Electronic tax filings rise sharply Effect of rule change and outreach efforts by state officials

Many happier returns

It means faster refunds and a reduction in processing costs

Maryland taxes

April 08, 1996|By Timothy J. Mullaney | Timothy J. Mullaney,SUN STAFF

The percentage of Marylanders who file their tax returns electronically is up more than 15 percent this year, reflecting the state's outreach efforts among tax preparers and a rule change to let people who owe additional taxes file electronically.

With a little more than a week to go, almost 115,000 Maryland tax returns had been filed electronically by Friday, said Marvin Bond, spokesman for state Comptroller Louis L. Goldstein. Only about 98,000 used electronic filing during last year's tax season.

For consumers, the big difference was the state's decision to drop the rule that only returns due a refund could be filed electronically. Now, Maryland lets people who owe additional taxes file their information electronically, then the comptroller's office sends the taxpayer a bill for what's owed. The bill is payable April 15.

"The electronic filing is such a saving to us that it really is no different than if you had filed a paper return and sent in a check," Mr. Bond said. "The bottom-line processing cost is about the same."

He added that the new system lets the state even out its work flow by encouraging people who owe money to file early. Before the rule change, people who owed money with their return would do their paperwork as early as February, then sit on their returns until the deadline in order to hang on to their money as long as possible, he said.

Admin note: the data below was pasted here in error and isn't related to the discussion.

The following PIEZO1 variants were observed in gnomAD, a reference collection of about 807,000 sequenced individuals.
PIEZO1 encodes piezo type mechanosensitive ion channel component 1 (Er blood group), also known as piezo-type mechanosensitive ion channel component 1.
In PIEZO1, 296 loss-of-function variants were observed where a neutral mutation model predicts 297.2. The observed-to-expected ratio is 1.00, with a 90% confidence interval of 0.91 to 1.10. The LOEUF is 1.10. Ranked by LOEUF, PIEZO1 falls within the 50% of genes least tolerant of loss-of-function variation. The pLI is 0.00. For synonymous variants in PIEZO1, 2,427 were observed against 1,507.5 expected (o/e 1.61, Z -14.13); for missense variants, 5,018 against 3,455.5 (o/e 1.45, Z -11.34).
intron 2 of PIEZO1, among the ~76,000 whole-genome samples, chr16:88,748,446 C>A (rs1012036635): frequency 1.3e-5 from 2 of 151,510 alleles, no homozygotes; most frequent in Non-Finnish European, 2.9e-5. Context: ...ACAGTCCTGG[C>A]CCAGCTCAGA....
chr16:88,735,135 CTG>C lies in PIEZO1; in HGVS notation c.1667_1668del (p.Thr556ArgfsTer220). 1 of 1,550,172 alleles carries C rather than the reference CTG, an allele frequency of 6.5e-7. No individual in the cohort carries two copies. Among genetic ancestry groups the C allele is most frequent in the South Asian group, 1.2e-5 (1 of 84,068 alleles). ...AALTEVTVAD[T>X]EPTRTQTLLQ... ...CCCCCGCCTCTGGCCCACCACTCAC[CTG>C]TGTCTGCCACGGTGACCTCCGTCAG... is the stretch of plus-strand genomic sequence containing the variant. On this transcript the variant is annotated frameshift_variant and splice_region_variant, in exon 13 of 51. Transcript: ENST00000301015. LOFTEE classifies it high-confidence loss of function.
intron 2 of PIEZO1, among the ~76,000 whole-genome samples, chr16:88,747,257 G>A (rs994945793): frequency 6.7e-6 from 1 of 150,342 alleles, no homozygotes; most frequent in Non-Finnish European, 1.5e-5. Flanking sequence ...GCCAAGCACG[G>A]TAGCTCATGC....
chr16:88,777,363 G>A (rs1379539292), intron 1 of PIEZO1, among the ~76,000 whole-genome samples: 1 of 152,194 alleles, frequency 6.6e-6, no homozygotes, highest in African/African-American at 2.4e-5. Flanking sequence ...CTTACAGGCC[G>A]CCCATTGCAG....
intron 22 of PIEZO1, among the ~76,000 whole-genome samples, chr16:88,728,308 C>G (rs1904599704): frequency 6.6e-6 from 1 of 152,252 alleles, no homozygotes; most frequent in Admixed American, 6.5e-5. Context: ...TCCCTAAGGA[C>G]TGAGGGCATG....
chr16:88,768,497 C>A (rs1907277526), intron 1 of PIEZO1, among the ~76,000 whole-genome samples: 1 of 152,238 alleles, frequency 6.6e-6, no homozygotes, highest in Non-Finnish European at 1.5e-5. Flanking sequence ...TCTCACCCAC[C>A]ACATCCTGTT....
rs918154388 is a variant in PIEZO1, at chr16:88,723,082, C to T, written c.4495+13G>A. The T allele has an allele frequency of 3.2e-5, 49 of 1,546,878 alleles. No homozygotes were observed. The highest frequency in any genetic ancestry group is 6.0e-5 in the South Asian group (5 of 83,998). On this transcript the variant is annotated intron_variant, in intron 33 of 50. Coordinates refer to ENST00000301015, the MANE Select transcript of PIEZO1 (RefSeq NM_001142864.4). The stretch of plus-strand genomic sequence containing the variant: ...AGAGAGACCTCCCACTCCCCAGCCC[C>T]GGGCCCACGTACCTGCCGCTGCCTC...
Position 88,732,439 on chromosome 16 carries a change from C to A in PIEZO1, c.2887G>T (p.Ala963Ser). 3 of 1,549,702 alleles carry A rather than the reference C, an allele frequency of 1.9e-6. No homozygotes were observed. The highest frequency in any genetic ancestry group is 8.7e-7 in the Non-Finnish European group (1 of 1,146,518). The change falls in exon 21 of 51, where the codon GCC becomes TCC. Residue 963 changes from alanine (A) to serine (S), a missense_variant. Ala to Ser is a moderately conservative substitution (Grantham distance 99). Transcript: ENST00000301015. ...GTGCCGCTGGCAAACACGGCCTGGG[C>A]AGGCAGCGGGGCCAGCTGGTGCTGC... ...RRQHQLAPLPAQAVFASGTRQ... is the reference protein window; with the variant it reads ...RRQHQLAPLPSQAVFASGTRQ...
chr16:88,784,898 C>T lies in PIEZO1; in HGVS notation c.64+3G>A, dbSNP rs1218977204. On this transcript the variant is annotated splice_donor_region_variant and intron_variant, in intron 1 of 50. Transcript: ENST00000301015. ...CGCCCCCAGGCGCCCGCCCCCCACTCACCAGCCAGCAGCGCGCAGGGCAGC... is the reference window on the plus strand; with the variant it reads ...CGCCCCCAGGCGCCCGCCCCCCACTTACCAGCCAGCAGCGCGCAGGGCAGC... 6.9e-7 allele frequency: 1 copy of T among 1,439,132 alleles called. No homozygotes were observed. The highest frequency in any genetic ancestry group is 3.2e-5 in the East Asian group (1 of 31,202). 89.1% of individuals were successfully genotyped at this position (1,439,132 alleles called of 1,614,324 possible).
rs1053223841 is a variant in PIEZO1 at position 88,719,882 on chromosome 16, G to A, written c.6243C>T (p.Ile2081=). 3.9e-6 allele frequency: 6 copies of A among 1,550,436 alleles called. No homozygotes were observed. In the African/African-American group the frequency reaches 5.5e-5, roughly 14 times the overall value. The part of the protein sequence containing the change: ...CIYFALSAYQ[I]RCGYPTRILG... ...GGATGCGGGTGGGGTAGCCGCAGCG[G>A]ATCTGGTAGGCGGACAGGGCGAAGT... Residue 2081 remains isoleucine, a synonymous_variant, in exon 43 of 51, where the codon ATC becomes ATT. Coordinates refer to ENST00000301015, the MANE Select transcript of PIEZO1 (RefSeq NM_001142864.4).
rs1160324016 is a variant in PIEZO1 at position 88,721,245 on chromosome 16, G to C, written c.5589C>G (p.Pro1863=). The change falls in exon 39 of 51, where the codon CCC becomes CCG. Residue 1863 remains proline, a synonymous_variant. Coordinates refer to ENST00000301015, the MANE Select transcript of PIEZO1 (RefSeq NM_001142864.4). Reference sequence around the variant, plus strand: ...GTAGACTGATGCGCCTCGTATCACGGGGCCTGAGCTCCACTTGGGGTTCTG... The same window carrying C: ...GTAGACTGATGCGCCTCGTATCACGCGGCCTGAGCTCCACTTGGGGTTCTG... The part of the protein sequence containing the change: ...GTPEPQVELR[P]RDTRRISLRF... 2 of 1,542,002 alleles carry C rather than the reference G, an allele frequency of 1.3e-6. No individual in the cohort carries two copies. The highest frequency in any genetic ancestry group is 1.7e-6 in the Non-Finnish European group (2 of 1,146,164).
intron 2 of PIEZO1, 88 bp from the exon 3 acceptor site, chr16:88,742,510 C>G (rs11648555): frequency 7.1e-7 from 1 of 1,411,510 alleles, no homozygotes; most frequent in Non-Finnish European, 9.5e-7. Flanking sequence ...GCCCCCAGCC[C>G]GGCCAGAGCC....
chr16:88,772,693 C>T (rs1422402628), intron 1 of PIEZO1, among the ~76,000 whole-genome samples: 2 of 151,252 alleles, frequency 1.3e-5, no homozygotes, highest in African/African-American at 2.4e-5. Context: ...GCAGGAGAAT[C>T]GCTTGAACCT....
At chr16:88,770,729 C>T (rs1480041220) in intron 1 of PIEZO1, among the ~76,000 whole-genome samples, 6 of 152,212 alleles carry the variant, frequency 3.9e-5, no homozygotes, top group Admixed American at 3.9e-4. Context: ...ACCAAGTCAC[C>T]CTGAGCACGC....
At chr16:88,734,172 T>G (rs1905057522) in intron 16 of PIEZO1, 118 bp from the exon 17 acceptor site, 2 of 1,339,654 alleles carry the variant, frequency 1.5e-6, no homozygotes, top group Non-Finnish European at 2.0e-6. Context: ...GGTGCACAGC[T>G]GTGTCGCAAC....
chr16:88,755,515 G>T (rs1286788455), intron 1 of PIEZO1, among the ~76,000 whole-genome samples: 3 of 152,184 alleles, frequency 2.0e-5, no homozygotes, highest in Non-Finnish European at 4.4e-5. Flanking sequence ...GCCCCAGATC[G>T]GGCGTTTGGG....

Also, tax preparers no longer need separate software to file state and federal returns electronically. Mr. Bond said the added cost of state software kept some smaller preparers from offering electronic filing of Maryland returns.

Now, preparers send both returns to the federal Internal Revenue Service, and the state downloads state tax returns from the IRS computer.

Both state and federal tax authorities encourage electronic filing because it cuts processing costs. The big inducement to consumers is that their refunds can be processed much faster if they file electronically, since it cuts out the labor-intensive task of data entry.

At the federal level also, electronic filing is growing quickly this year.

Through March 31, the number of electronic returns filed through tax preparers is up 7.2 percent to about 10.7 million, said Domenic LaPonzina, spokesman for the IRS district office in Baltimore. On top of that, 2.5 million people have used the IRS' telephone filing system, called TeleFile, which became available nationally this year after being tested in selected cities in the past. The system guides taxpayers through a series of questions that they answer by pressing keys on a Touch-Tone phone.

TeleFile is open to taxpayers who are single, earn less than $50,000 annually, can use the ultra-simple Form 1040EZ to file their returns and live at the same address they reported on last year's taxes. The IRS estimated last year that up to 23 million Americans would be eligible to use TeleFile.

Mr. LaPonzina said that by March 31 the IRS had received 61.1 million returns, out of an expected 115 million. Almost 42 million refunds had been sent out, with the average refund at $1,250.

He said the district office, which serves Maryland, Delaware and the District of Columbia, expects to get 700,000 to 800,000 of its 2.9 million returns in its last week.

Mr. Bond said the state has received 1.4 million of the 2.25 million returns it expects, and mailed its millionth refund Tuesday. The average refund is about $450.

Pub Date: 4/08/96

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